Does a Nonprofit Need a Lawyer for IRS 990 Forms?
What’s tricky or dangerous for the tax-exempt organizations that are required to submit them
on December 20, 2019
Updated on February 8, 2021
Many DC-based nonprofit organizations are exempt from paying federal income tax. But this does not mean they are exempt from filing tax forms with the Internal Revenue Service. To the contrary, most nonprofits (except religious organizations) must typically file an annual information return with the IRS to ensure their continued tax-exempt status. These are known as the IRS 990-series forms.
“They are a fairly extensive report, as to your financial activities, your holdings, how much you pay your people, what your purpose is, and more,” says Edward J. Beckwith, a nonprofit attorney at Baker & Hostetler in Washington, DC. “It’s intended to inform the public and ensure the IRS and state that the money is being spent for charitable purposes.”
There are three basic types of this form:
- Form 990-N, which is a simplified electronic notice (or e-postcard) filed by organizations with gross receipts of $50,000 or less;
- Form 990-EZ, which is a “short form” filed by organizations with gross receipts of less than $200,000 and total assets of less than $500,000 as of the end of the relevant tax year
- Form 990, which is the long form filed by organizations with gross receipts of $200,000 or more or total assets of $500,000 or more
Which form a nonprofit needs to file depends on its gross receipts (i.e., the total amount of donations and other money it received during the organization's normal annual accounting period). Whatever type is applicable, a nonprofit must normally file its required 990 form by the 15th day of the 5th month after the end of the organization's fiscal year, although it is possible to obtain a six-month extension without showing cause.
Obligations of Nonprofits and Their Board Members
Unlike an individual tax return, which is normally non-public information, any Form 990 filed by a nonprofit organization must be made available to any member of the public who requests access. This helps to fulfill a critical role of the Form 990 series, which is to ensure adequate public disclosure about a tax-exempt nonprofit organization's mission and operations. Indeed, failure to file 990 forms can lead the loss of tax-exempt status.
“These documents end up, in many instances, becoming the annual report for a lot of charities,” Beckwith adds. “Charities are often under the microscope because people suspect things are going on that shouldn’t be, so an annual report is good to explain why they’re worthy of contributions and how robust their activities are. A lot of charities don’t take advantage of that or put their best foot forward.”
Among other things, a regular Form 990 must include a copy of the nonprofit's balance sheet, a statement of revenue and expenses, and detailed information regarding the compensation of directors, officers, key employees, and even outside contractors who provide services to the organization.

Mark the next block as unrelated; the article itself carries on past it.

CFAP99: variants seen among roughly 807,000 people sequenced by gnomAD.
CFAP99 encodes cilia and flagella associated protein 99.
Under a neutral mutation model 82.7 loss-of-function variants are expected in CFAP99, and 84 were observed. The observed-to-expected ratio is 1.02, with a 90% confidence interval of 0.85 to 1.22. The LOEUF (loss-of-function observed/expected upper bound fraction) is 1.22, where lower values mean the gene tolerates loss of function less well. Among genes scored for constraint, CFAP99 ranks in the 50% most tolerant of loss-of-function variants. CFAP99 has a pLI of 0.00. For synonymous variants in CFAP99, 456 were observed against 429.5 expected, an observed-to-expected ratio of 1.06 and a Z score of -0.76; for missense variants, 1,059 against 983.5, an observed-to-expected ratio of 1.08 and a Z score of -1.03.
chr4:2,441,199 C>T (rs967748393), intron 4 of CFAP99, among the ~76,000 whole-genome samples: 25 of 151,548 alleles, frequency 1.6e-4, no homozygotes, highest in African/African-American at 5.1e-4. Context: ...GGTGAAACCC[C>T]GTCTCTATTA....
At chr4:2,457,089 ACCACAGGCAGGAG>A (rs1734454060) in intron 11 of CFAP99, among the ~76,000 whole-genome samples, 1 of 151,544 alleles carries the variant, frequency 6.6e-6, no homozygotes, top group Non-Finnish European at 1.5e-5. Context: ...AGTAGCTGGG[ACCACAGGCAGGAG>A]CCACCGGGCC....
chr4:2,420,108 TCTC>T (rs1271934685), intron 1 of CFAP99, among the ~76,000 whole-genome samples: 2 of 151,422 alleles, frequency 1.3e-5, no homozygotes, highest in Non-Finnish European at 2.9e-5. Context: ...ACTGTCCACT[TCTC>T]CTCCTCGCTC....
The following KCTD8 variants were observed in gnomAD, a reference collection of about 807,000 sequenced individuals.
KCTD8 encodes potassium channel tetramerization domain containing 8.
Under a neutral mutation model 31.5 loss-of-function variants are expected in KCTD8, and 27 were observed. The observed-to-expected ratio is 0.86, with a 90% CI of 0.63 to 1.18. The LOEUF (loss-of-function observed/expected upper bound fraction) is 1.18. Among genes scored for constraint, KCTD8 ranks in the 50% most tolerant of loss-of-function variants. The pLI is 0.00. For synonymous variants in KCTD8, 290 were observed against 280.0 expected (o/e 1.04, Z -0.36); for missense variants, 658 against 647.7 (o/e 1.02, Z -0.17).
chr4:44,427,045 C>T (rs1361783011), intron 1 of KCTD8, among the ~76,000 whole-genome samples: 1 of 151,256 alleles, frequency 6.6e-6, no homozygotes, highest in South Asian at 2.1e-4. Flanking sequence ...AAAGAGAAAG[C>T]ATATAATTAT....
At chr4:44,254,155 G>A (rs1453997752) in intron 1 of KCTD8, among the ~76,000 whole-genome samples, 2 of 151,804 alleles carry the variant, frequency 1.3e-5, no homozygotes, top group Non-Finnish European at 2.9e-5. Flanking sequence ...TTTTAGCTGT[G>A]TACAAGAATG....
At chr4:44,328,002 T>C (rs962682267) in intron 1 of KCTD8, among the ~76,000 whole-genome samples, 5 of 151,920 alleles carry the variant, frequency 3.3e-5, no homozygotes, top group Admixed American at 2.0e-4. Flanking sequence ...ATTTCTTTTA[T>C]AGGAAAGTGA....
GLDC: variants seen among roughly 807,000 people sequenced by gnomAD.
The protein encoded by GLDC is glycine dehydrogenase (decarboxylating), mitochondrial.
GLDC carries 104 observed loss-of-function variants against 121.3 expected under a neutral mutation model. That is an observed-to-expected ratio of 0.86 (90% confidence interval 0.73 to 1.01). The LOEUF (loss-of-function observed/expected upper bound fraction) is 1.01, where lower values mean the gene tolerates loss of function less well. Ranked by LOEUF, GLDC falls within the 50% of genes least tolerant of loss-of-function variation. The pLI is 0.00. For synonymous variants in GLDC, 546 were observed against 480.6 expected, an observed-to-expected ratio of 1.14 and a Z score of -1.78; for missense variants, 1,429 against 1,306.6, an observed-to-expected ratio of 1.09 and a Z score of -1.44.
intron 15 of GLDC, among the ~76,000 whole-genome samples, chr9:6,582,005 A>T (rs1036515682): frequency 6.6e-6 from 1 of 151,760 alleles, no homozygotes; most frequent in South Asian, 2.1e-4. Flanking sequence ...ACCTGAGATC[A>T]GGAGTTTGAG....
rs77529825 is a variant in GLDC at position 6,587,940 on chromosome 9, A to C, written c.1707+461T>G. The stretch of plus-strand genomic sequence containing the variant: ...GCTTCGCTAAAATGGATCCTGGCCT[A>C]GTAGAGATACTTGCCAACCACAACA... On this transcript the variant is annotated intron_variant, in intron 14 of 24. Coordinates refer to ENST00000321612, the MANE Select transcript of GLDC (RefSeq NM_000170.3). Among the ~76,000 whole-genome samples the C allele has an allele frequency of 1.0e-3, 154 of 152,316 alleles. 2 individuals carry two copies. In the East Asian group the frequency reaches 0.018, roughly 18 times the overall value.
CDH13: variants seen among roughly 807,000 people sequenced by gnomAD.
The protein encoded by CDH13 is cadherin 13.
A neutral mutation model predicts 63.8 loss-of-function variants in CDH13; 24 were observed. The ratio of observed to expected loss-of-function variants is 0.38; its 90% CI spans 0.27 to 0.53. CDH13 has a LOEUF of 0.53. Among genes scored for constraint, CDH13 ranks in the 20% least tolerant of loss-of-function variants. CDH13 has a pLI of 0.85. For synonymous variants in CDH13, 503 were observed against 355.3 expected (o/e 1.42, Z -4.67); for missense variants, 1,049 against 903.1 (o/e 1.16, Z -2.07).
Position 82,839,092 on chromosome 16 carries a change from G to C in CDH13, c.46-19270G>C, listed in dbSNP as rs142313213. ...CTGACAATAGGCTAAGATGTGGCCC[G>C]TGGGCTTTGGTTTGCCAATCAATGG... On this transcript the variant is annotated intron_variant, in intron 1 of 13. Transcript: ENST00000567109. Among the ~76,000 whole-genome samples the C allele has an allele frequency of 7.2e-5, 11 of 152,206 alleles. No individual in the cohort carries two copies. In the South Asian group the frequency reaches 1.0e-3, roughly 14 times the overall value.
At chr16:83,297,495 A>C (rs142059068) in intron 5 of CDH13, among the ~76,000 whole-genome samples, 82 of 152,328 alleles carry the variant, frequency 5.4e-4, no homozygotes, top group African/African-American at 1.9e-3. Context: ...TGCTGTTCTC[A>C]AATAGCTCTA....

The Form 990 also asks questions regarding the nonprofit organization's procedures for reviewing the return itself. For instance, there is a question asking if a copy of the Form 990 was provided to all members of the nonprofit organization's board prior to filing. Similarly, the form asks the organization to describe what procedures, if any, were in place for reviewing the form prior to filing.
Why It’s Worth Considering an Attorney
“There are two things that a knowledgeable lawyer’s review of a 990 provides,” Beckwith explains. “These questions aren’t ‘gotcha’ questions, but it’s not easy to know what they’re asking. Very often a well-intentioned person will answer a question wrong and it may trigger a whole mess of problems.”
An attorney with experience in the nonprofit arena knows what they’re asking for and, equally important, how to answer questions properly. “We often encourage you to attach explanations—a narrative which tells, for example, what your dollars were used for. … You really should care what you’re telling the public about what you’re doing, how you conduct yourself, and why you exist,” he adds.
The purpose is rarely to review an accountant’s calculations, Beckwith says, “although an extra set of eyes never hurts and, from time to time, I do see something. So that’s a secondary benefit.”
In short, you’re covering your bases with the regulatory agencies and general public.
“The 990 is a task, just like your own taxes, that you have to do every year. Nobody likes doing it, but charities shouldn’t give it short shrift, put it in the mail, and walk away. You want to make sure whoever picks up that 990 understands what you’re doing, that you’re doing it right, and that you’re doing it impactfully and purposefully,” says Beckwith.